Line or rope farming was pioneered in China in the 1950s to cultivate brown seaweeds, and the method has been adapted to several other genera, including Gracilaria. With this method, pieces of Gracilaria are fixed to a rope or monofilament line such as nylon that is stable when exposed to sunlight and salt water for long period. Farmers untwist the rope to open the lay, insert the plant and then allow the rope to twist back to its natural position to attach the seaweed.

Pond cultivation is less labor intensive than rope farming (no need to fix many pieces to a rope or net) and has been quite successful. These ponds are usually no larger than a hectare. Pieces of fresh seaweed, either gathered from natural beds or nearby ponds, are distributed evenly over the pond surface and allowed to sink to the bottom. The ponds need access to both salt and freshwater so farmers can adjust the salinity and change the water via tidal flows every two to three days.

Harvesting is possible every 35 to 45 days, depending on the seasonal growth rate. About half the seaweed is harvested, usually by people wading through the pond, scooping it off the bottom into nets and placing it on a wooden raft or floating basket. The remaining plants form seed material for the next crop, and are broken into smaller pieces and broadcast over the pond. The harvested material is often laid around the banks of the pond to dry in the sun for two to three days, although you get a cleaner product if you move it to a man-made location.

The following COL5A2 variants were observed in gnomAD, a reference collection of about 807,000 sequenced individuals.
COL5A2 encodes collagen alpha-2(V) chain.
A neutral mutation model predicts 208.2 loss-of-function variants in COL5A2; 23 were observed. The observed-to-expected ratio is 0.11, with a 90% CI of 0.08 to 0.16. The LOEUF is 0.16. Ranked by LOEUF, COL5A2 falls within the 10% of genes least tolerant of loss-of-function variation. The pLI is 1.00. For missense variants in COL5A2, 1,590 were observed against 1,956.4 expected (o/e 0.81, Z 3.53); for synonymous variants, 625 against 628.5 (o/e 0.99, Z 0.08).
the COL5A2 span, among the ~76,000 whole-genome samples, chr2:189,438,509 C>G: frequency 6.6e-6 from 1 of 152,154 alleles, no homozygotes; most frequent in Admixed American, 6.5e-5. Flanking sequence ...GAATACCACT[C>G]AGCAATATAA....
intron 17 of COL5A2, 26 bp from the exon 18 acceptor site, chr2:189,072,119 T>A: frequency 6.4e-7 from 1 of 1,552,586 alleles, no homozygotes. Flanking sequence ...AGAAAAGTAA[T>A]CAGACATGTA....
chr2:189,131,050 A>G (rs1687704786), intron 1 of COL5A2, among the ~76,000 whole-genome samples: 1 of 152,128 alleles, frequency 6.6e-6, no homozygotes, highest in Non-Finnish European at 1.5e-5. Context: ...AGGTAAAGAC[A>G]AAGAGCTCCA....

One disadvantage of pond Gracilaria, however, is that its agar is often of low gel strength and perceived lower quality, thus lower prices.


Gelidium is simply washed to remove sand, salts, shells and other foreign matter and is then placed in tanks for extraction with hot water. The agar dissolves in the water and the mixture is filtered to remove the residual seaweed. The hot filtrate is cooled and forms a gel (jelly), which contains about 1 percent agar. The gel is broken into pieces, and sometimes washed to remove soluble salts, and, if necessary, it can be treated with bleach to reduce the color. The water is then removed from the gel, either by a freeze-thaw process or by squeezing it out using pressure. After this treatment, the remaining water is removed by drying in a hot-air oven. The product is then milled to a suitable and uniform particle size.

Gracilaria is also washed, but it must be treated with alkali before extraction; this alkaline pre-treatment causes a chemical change that gives the agar an increased gel strength appropriate for commercial use.